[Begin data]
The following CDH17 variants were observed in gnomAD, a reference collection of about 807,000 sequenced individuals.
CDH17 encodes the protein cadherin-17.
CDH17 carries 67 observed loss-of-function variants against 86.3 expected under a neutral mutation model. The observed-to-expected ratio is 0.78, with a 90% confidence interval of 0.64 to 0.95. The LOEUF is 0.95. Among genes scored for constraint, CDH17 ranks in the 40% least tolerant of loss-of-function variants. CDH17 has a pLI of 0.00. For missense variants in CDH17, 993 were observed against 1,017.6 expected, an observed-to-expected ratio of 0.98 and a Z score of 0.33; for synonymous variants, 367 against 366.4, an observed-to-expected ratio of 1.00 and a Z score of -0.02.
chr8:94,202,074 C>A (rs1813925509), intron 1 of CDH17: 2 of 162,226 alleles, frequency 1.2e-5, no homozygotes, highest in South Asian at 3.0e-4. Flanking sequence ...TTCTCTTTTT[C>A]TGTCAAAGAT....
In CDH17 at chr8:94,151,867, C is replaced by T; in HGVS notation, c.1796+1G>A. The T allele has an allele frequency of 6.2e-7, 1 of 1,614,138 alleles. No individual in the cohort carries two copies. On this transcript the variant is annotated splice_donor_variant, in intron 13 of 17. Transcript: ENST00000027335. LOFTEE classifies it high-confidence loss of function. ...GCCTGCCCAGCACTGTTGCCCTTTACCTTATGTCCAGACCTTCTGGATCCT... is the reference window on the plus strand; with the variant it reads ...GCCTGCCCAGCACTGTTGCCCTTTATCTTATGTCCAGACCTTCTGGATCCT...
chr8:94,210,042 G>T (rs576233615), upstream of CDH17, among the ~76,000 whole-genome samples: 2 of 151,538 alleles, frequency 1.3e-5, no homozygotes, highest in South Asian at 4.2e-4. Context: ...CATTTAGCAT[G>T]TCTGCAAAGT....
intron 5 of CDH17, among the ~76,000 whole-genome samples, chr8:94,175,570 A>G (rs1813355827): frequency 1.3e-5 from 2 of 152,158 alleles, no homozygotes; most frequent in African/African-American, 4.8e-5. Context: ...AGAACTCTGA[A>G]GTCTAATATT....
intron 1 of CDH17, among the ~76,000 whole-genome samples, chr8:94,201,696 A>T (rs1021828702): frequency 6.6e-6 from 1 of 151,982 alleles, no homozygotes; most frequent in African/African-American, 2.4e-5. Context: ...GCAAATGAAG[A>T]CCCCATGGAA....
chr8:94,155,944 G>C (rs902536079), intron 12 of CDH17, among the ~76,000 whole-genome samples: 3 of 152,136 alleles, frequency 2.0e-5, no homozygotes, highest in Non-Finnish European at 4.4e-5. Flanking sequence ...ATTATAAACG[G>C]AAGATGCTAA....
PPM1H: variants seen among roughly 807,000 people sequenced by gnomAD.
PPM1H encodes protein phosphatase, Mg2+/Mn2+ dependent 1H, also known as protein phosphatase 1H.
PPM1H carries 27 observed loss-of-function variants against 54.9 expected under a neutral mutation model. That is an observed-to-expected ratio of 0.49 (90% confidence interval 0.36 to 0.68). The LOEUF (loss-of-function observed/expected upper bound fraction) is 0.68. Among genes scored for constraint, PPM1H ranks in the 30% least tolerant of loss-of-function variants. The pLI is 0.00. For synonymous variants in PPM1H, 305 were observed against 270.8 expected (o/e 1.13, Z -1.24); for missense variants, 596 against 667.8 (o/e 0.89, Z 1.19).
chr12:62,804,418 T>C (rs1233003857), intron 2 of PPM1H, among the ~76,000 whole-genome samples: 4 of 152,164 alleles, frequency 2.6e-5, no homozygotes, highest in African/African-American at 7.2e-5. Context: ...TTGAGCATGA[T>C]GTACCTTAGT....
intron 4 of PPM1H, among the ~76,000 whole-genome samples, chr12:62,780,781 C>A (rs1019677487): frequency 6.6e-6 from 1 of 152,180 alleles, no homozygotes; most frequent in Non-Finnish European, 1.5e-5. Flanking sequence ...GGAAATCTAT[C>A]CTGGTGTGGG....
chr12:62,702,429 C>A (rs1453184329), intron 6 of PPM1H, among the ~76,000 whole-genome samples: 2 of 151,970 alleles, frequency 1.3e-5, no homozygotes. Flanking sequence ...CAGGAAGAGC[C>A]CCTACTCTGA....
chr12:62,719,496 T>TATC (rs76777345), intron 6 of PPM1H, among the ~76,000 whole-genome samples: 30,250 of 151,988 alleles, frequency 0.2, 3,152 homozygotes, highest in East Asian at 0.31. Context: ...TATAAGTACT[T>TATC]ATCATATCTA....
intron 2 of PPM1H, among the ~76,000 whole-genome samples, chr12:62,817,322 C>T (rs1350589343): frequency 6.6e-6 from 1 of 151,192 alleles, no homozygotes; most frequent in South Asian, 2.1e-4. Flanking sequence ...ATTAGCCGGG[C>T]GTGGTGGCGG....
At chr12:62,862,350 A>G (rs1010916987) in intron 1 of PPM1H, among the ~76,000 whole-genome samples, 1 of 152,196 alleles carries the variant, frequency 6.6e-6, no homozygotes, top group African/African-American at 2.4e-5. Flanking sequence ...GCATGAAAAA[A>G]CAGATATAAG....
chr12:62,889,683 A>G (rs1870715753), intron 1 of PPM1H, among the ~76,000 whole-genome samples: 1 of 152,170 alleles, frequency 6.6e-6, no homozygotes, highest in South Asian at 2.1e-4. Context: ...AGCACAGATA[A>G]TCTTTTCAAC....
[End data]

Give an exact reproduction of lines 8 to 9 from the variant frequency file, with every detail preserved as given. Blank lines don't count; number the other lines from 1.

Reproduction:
intron 1 of CDH17, among the ~76,000 whole-genome samples, chr8:94,201,696 A>T (rs1021828702): frequency 6.6e-6 from 1 of 151,982 alleles, no homozygotes; most frequent in African/African-American, 2.4e-5. Context: ...GCAAATGAAG[A>T]CCCCATGGAA....
chr8:94,155,944 G>C (rs902536079), intron 12 of CDH17, among the ~76,000 whole-genome samples: 3 of 152,136 alleles, frequency 2.0e-5, no homozygotes, highest in Non-Finnish European at 4.4e-5. Flanking sequence ...ATTATAAACG[G>C]AAGATGCTAA....